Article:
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Monday, September 23, 2013

A Congressman's Mystique

What is the motivation that drives political lawmakers?  Is Congress a representative sampling of America’s very best?  Or are other human factors at play?

Some believe that how much we think we know, measured up against how little in reality we actually do know, is the difference between book smart vs. experience smart.  It’s knowing that the lessons learned as a kid on the playground in grade school may be more relevant and important than the high-minded intellectual concepts studied later in professional school.  It’s also the difference between knowing when to talk, and knowing when to shut up and listen.  Others say it’s the difference between amassing knowledge and gaining wisdom.

At some point, the brain logically shifts from consideration of “what is the law” to “why is it the law.”  How many times do we find ourselves uttering the familiar words, “If I only knew then what I know now.”  There is always more to learn.

More and more these days, whether it’s about politics, religion or even the local Little League program, I find myself questioning the motives of the leaders involved.  What do they have to gain, or lose, should a particular policy which is being put forth prevail?  Or whether the institution permits discussion of any changes to its arranged order?  When we’re dealing with human nature, doesn’t it seem that self-interest is typically the proponent’s top priority?  Even (and especially!) if it does not appear to be presented that way?  And is the delivery of the proposal true and unbiased, as Jeffersonian simplicity would demand, or are the familiar forces of physical and psychological manipulation hard at work?

Membership in the US Congress provides an illuminating example.  When I was in grade school, I believed that the 535 individuals who comprise the legislative body charged with the unenviable task of lawmaking (435 from the House of Representatives and 100 from the Senate) were idealists.  They maintained character and integrity first and foremost and stood on a higher intellectual plane.  These lawmakers subordinated their own self-interests, bestowing favor instead upon policies for the benefit of the masses of ordinary citizens.  After all, this was the oath they had taken to public service.  They were distinguished citizens, people we looked up to with great respect and admiration for all that they had accomplished and stood for.  And as for those in the Senate, the more reserved, deliberative body, all the more so.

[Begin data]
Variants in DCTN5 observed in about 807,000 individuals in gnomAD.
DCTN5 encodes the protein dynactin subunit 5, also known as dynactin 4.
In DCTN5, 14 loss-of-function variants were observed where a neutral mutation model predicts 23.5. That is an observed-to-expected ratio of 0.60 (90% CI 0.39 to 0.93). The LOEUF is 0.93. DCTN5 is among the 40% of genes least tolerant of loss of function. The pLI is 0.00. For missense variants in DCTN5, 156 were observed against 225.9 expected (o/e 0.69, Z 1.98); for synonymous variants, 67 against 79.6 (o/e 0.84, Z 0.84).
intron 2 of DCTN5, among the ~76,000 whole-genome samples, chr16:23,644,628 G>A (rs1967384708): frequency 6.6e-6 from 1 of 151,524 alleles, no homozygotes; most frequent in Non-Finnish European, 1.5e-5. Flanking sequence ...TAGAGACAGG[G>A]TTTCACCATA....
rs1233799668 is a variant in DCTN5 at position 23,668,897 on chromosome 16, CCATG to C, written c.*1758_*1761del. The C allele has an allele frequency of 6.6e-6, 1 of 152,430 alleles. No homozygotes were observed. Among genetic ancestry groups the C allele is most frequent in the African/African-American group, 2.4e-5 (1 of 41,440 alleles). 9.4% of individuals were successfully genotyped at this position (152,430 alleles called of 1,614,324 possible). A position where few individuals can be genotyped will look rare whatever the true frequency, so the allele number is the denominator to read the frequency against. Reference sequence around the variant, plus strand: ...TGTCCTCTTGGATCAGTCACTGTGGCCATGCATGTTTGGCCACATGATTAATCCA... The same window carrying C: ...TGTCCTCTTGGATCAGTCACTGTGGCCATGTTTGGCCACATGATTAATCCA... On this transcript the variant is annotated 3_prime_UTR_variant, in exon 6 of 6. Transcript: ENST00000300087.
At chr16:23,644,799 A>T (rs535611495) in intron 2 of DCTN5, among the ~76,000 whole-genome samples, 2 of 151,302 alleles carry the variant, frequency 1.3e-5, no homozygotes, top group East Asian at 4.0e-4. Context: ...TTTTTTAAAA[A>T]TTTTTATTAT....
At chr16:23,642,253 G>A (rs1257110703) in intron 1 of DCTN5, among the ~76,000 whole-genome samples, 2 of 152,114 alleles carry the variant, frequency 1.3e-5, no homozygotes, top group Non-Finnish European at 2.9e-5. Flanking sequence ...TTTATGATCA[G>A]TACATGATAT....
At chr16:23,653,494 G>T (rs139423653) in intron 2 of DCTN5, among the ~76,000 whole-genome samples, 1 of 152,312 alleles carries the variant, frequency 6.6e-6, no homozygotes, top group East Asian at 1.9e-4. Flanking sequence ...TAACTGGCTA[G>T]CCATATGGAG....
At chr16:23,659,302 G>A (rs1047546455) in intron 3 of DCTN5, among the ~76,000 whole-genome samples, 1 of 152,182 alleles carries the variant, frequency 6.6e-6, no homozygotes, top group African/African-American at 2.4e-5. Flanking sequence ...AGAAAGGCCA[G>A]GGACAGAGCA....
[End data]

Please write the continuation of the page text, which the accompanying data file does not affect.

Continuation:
I continued to believe in this line of thinking for many years, until learning Abraham Lincoln’s views.  Many ordinary citizens are unaware that Lincoln was a member of the House of Representatives in 1846, where he served a brief, two year term, some 15 years before he was elected president.  I was much pleased to learn that Lincoln shared at the outset the same speculations and musings about the character and motivations of the men who filled the seats of Congress, and who he was about to meet, encounter and interact with.

But when he had occupied his own seat, then-Congressman Lincoln's views quickly changed.  He became extremely disappointed, finding members by and large to be “men of mediocre ability and only local reputation.” [1]  This was a huge letdown for Lincoln, the thought striking me also with a dull thud.  Further pondering, however, provoked another sobering question: If that was the makeup of Congress then, could it possibly be any different now, with the threat of another federal government shutdown looming on the near horizon?  Being somewhat familiar with the players, I was pretty confident of the answer.

-Michael D’Angelo

[1]  Of course, Congress consisted only of men at the time.  Lincoln mentioned one great exception in John Quincy Adams, the former president, who was one of only two former Presidents to do so (Andrew Johnson later served in the US Senate in the post-Civil War era).  According to Lincoln, JQA was “distinguished alike for his rocklike integrity and his implacable hatred of slavery.”  He was elected to the House of Representatives, serving Massachusetts for eight consecutive terms from 1831 until his death in 1848.

Sunday, September 8, 2013

The Unreality of Personal Ambition

Is the realization of self about oneself?  Is the great motivation only about collecting things and changing money?  Or does the essence of satisfaction seem to lay elsewhere? ...

We don’t have a lot of detail on the day to day life of Jesus, unfortunately.  But in one familiar story he overturns the tables of the money changers who had infiltrated the halls of the temple, casting them out with a rare display of anger.  It seems that economics had gained an undesirable preference over morality.